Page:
Did the news media underplay the Tennessee church shooting?
Certainly, some folks think so. But hold on a moment, and I'll explain why I don't necessarily agree.
Among the critics: The Blaze columnist Matt Walsh, who wrote a piece complaining that "a terrorist shot up a church but the media's too busy talking about NFL players kneeling."
A journalist friend sent me the link to Walsh's column. "Matt Walsh is tiresome and extremely wordy," my friend suggested. "But his point is valid."
A relevant chunk of what Walsh wrote:
A Sudanese immigrant named Emanuel Kidega Samson murdered someone in the parking lot and then walked into Burnette Chapel Church of Christ and started shooting indiscriminately. The victim who died was a 39-year-old woman and mother of two named Melanie Smith. According to her family members, she was a Godly and compassionate woman. She was killed for committing the crime of attending church on a Sunday morning.
Samson wounded six other people, including the pastor before an usher stopped him. The hero, 22-year-old Caleb Engle, was pistol-whipped in the face during the confrontation. He struggled with Samson until the terrorist, by the grace of God, accidentally shot himself. Engle then went out to his car to grab his own firearm, and stood guard over the wounded shooter until police arrived.
Perhaps I’m giving you details you already know. Maybe you read about this story on page 14 of the newspaper. I’m not exaggerating, either. The New York Times put this mass shooting on page 14. The front page was dominated by athletes kneeling. Or perhaps you heard it mentioned in a 12-second blurb at the end of a cable newscast last night. I flipped through a few different channels and didn’t hear it even mentioned one time, but maybe they got around to it. Of course, in a 60-minute broadcast they had to allot at least 59 minutes to cataloging the posture of NFL players. If you managed to sit through all of that, you may have heard the “P.S. There was a mass shooting at a church today okay that’s all goodnight” at the end. I don’t know.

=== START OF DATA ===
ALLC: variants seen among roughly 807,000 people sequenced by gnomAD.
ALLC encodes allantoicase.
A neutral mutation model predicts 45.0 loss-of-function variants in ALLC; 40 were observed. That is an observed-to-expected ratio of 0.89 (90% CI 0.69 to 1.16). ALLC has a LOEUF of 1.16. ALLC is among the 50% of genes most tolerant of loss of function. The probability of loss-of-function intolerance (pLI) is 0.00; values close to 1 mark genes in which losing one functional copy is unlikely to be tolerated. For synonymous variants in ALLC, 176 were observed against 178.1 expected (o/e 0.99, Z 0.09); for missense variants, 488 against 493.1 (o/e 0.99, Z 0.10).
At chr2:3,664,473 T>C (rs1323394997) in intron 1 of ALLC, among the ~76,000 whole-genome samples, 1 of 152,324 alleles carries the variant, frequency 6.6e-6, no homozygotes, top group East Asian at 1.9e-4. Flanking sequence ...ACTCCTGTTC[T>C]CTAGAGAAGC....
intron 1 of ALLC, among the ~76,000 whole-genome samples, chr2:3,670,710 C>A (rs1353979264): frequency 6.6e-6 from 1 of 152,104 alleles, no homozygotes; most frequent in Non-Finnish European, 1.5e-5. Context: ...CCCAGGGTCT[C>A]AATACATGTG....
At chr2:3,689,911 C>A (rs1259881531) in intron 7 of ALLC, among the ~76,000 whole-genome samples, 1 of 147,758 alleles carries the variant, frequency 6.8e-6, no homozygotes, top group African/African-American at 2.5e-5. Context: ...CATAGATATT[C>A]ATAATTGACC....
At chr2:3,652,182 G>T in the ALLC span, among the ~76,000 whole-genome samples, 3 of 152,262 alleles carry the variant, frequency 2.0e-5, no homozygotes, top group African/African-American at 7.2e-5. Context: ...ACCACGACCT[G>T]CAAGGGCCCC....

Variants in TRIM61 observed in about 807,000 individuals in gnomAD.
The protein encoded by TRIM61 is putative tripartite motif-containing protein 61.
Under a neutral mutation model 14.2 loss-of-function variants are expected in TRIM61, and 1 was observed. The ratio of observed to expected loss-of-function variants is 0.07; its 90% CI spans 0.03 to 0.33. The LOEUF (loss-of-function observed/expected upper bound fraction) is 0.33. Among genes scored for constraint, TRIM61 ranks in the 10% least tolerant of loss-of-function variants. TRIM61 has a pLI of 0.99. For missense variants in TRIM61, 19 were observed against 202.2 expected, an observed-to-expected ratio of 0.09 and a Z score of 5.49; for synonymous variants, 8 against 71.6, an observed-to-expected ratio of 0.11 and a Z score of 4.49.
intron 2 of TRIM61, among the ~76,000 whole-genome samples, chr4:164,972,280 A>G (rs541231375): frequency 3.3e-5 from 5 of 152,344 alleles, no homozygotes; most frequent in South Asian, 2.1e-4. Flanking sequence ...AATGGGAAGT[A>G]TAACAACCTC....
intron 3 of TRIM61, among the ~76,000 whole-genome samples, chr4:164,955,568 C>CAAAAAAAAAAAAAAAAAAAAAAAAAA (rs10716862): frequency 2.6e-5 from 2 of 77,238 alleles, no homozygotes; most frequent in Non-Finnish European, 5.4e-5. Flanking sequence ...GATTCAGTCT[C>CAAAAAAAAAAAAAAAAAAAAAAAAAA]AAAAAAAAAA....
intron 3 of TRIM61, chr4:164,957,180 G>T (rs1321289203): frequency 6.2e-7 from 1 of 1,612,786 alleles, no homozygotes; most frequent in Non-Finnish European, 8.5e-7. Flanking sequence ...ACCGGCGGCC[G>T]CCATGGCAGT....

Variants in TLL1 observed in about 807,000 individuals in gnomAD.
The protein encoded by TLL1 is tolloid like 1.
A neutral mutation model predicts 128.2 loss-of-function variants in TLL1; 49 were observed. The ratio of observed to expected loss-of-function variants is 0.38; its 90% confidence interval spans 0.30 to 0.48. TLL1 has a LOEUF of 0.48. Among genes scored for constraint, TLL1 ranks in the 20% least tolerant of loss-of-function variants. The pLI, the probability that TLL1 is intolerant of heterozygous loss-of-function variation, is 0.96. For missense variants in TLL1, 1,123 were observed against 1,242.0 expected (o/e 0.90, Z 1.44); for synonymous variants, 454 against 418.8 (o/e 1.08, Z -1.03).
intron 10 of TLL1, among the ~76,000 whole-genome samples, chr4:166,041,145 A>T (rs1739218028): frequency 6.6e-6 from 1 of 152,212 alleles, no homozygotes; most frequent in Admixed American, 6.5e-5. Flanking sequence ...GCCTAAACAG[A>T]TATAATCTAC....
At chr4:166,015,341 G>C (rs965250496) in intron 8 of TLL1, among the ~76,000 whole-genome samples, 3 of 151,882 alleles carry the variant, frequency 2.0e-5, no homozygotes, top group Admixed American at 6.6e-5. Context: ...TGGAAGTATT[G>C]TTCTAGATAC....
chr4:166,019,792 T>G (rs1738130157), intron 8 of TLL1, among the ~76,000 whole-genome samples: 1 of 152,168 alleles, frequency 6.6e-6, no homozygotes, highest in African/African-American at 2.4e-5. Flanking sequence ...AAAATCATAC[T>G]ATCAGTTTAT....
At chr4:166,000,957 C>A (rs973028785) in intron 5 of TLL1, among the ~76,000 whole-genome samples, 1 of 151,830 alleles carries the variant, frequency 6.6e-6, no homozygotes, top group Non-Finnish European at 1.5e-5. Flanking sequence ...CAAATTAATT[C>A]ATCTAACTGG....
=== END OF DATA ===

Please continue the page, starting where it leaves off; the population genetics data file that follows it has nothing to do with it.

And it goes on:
Elsewhere, this was the headline on a post by The Federalist Papers Project:
REVEALED: Why Sunday Church Attack Is The First Mass Shooting the Media’s NOT Interested In
You can read that entire post and draw your own conclusions. But here's how another journalist friend of mine — Alan Cochrum, a former Fort Worth Star-Telegram copy editor — responded on Facebook:
So here's the degree to which the media are "NOT interested" in the Burnette Chapel Church of Christ shooting: If you do a Google News search for those last six words, you get (as of noonish 9/27) about 118,000 hits. Yes, that is definitely a lack of journalistic interest.
I sense some sarcasm there.
Earlier today, I noticed this tweet by a reader complaining about the level of media interest in the shooting:
Given that the Twitter user linked to a story from The Tennessean, I couldn't help but reply:
Seriously, have you ever noticed how often people complain about a lack of news coverage by linking to an, um, news article?
On the one hand, I agree with those tired of hearing about Donald Trump's latest tweets about the National Football League ... or any of Trump's tweets, for that matter. On the other hand, I think the real reason the Tennessee church shooting hasn't received more coverage (and as pointed out, it's received A LOT) is because of the death toll.
Sadly, in America in 2017, a mass shooting in which one person dies is not going to dominate the news cycle for long. Such tragedies have become too common. Even then, I noticed a national Associated Press piece just today on houses of worship addressing security in the wake of the Tennessee shooting.
Thankfully, most of those who were shot at the Burnette Chapel Church of Christ survived. If they had died, the level and intensity of news media interest would have been higher. Much higher.